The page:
As I’ve mentioned previously, I’m working on being happier this year. Not that I wasn’t pretty happy last year. I just want it to be more…conscious this year, I guess. More intentional, since last year’s was in large part the result of non-repeatable actions. Moving 1/2 way across the country, downsizing to a new house… That accounts for a great deal of my excitement last year!
This year, however, we’re living here already. And have more or less ‘settled’ in. We’re (literally!) putting down roots: planting trees & shrubs & flowers and garden beds and swing sets. Well, if digging holes and filling them w/wet cement to ‘plant’ swing set legs counts…
It seems like I’m grownup enough (finally!) to work towards happiness, if necessary. And it appears that’s actually not a bad plan. Last week’s prompt asked me to consider what I do well. And how much of that comes naturally, compared to what I’ve worked to grow better at. And it turns out? There is very little I think I’m ‘naturally’ good at.
This week’s prompt asks me to list ‘what things do you do that take you out of your head?’ Good question! And many of them are the exact things I listed the week before, that required me to study them, practice 🙂them, learn them.
I wonder how many of us still believe the happily-ever-after stories of our childhood. That we would somehow just ‘become’ happy…? That it would descend upon us like a warm sunbeam, and wrap us in light.
Instead, it’s beginning to look as if happiness is more like the garden bed I put in last fall: I had to dig out the execrable red clay (down 10+ inches!), mix peat moss & manure & dirt together, and then put it back in the bed. My beloved had to put in edging to hold the newly raised bed surface in (N.B.: other folks aren’t responsible for our happiness, but they can help!). I had to plant seeds I bought into tiny peat pots, and put them under the lights on the light table, and water them until they were ready to transplant outside. And then I had to mulch the little plants, watering when it was dry weather. But by October? The bed was so lush & lovely no one could believe it! See above. And that was in autumn, when gardens are supposed to be winding down!
Another metaphor (you knooow how I love metaphors): aging is like autumn — full of brilliant light, even when the leaves are falling and the air is chilling. Even on the days when arthritis is a royal pain, and other attendant challenges rear unreasonable heads, I’m grateful to be here.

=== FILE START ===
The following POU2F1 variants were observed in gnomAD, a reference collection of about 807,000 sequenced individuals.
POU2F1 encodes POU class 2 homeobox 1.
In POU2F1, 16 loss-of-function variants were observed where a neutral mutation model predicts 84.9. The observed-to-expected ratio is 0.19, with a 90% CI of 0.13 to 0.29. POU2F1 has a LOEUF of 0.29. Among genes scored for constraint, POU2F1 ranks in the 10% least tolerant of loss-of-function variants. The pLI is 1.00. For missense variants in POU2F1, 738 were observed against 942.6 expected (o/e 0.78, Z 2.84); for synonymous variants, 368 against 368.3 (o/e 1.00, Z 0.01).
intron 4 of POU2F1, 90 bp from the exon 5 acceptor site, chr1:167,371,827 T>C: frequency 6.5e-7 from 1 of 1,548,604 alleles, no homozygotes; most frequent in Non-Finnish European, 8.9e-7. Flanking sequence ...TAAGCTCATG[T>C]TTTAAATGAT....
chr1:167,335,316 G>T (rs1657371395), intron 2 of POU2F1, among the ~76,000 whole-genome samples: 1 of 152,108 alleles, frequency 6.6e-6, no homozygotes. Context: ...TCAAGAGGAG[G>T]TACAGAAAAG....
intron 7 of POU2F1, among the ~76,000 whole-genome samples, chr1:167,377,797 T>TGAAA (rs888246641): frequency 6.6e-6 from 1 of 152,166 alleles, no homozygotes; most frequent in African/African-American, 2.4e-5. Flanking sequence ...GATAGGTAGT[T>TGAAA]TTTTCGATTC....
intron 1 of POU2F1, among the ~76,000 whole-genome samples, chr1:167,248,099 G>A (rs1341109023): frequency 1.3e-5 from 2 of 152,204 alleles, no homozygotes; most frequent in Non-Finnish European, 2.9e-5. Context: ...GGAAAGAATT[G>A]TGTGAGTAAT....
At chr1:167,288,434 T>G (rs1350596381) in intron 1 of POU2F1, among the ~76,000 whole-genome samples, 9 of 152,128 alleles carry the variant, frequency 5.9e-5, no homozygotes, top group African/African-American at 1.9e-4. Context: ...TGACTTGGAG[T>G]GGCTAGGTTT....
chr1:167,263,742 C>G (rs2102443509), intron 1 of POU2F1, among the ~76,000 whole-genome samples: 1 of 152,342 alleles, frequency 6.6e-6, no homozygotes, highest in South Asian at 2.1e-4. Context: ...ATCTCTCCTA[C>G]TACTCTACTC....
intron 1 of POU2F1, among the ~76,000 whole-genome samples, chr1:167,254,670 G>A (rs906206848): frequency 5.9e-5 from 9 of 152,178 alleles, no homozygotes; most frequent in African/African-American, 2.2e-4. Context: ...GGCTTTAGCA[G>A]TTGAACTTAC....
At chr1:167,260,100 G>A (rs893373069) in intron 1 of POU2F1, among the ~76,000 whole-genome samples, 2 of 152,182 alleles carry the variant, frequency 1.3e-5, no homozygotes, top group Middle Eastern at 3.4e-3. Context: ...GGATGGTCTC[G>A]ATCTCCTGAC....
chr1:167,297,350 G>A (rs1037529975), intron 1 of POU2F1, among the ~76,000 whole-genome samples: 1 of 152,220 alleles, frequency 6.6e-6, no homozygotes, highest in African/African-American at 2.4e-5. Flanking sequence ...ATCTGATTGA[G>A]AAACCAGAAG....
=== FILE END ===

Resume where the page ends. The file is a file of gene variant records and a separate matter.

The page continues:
That too is a part of the whole happiness thing, I’m learning. Gratitude. Another thing I’ve been practicing, writing regularly in my gratitude journal. With entries that range fom the chickadee on the feeder outside, to my elder grandson telling me you’re the best, GiGi!
So here’s my prescription for you and your future happiness: practice it. Treat it like a skill that you can learn. Because it is, I promise. And the more you practice, the better you’ll get at it. Honest.
I made a commitment more than a year ago — 89 weeks, but who’s counting? — to keep a daily journal. Morning pages, as Julia Cameron calls them in several of her books, most recently It’s Never Too Late To Begin Again. Verrry quickly they became daily pages, and then more like weekly pages. Nothing like a move halfway across the country to upend your routines!
But I’ve kept up, in a too-desultory-but-still-trying way, the habit. Because it’s good for me. Not only as a writer (obviously), but as a person trying to make sense of an increasingly complicated world. This next year, however, I’m trading in my. beautiful pink leather-bound journal for a hardbound best-seller: 52 Lists for Happiness. There are several listing journals out, but this one drew my attention: who doesn’t want to be happier??
I know happiness requires practice. One of the perks of aging, and being a Buddhist is that you realise you can create happiness. A big part of it, research shows, is gratitude. Acknowledging the happiness we already have. As someone who spent a LOT of her life where water didn’t run hot (or sometimes at all!), where there wasn’t reliable heat or air, where mod cons, as the British call modern conveniences, were often completely missing, I never forget how nice it to have hot water, dishwashers, dryers.I’m grateful for holidays w/ family, for farmer’s markets, for cats & tea & chocolate & fresh flowers, too. I’m also enormously grateful for my 2nd generation: my 2 wonderful sons, my amazing daughter-in-law, my nieces & nephews. And of course what would my life be w/out the grandsons we moved to be closer to?? AND my funny, loving, slightly crazy, & enormously loving sisters! Not to mention my far better half — my best beloved.